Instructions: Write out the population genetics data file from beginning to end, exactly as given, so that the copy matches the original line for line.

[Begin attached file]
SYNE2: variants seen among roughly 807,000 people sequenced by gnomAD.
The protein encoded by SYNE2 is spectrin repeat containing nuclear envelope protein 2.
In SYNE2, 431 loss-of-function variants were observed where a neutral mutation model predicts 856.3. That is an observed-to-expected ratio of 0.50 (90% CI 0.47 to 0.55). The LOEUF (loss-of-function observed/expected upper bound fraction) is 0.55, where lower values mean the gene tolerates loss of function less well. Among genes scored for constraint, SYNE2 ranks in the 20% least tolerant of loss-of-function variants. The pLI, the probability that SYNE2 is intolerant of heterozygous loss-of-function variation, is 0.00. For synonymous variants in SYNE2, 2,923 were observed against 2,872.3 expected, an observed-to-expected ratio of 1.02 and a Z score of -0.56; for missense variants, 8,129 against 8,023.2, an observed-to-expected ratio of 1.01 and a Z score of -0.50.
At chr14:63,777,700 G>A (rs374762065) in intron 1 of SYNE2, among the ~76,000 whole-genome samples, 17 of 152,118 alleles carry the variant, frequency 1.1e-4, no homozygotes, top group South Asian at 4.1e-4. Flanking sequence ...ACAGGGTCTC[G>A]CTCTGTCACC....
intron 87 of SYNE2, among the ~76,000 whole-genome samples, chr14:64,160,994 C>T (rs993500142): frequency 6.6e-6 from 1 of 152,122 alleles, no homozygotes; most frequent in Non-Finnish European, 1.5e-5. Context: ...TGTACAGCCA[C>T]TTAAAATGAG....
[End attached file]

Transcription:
SYNE2: variants seen among roughly 807,000 people sequenced by gnomAD.
The protein encoded by SYNE2 is spectrin repeat containing nuclear envelope protein 2.
In SYNE2, 431 loss-of-function variants were observed where a neutral mutation model predicts 856.3. That is an observed-to-expected ratio of 0.50 (90% CI 0.47 to 0.55). The LOEUF (loss-of-function observed/expected upper bound fraction) is 0.55, where lower values mean the gene tolerates loss of function less well. Among genes scored for constraint, SYNE2 ranks in the 20% least tolerant of loss-of-function variants. The pLI, the probability that SYNE2 is intolerant of heterozygous loss-of-function variation, is 0.00. For synonymous variants in SYNE2, 2,923 were observed against 2,872.3 expected, an observed-to-expected ratio of 1.02 and a Z score of -0.56; for missense variants, 8,129 against 8,023.2, an observed-to-expected ratio of 1.01 and a Z score of -0.50.
At chr14:63,777,700 G>A (rs374762065) in intron 1 of SYNE2, among the ~76,000 whole-genome samples, 17 of 152,118 alleles carry the variant, frequency 1.1e-4, no homozygotes, top group South Asian at 4.1e-4. Flanking sequence ...ACAGGGTCTC[G>A]CTCTGTCACC....
intron 87 of SYNE2, among the ~76,000 whole-genome samples, chr14:64,160,994 C>T (rs993500142): frequency 6.6e-6 from 1 of 152,122 alleles, no homozygotes; most frequent in Non-Finnish European, 1.5e-5. Context: ...TGTACAGCCA[C>T]TTAAAATGAG....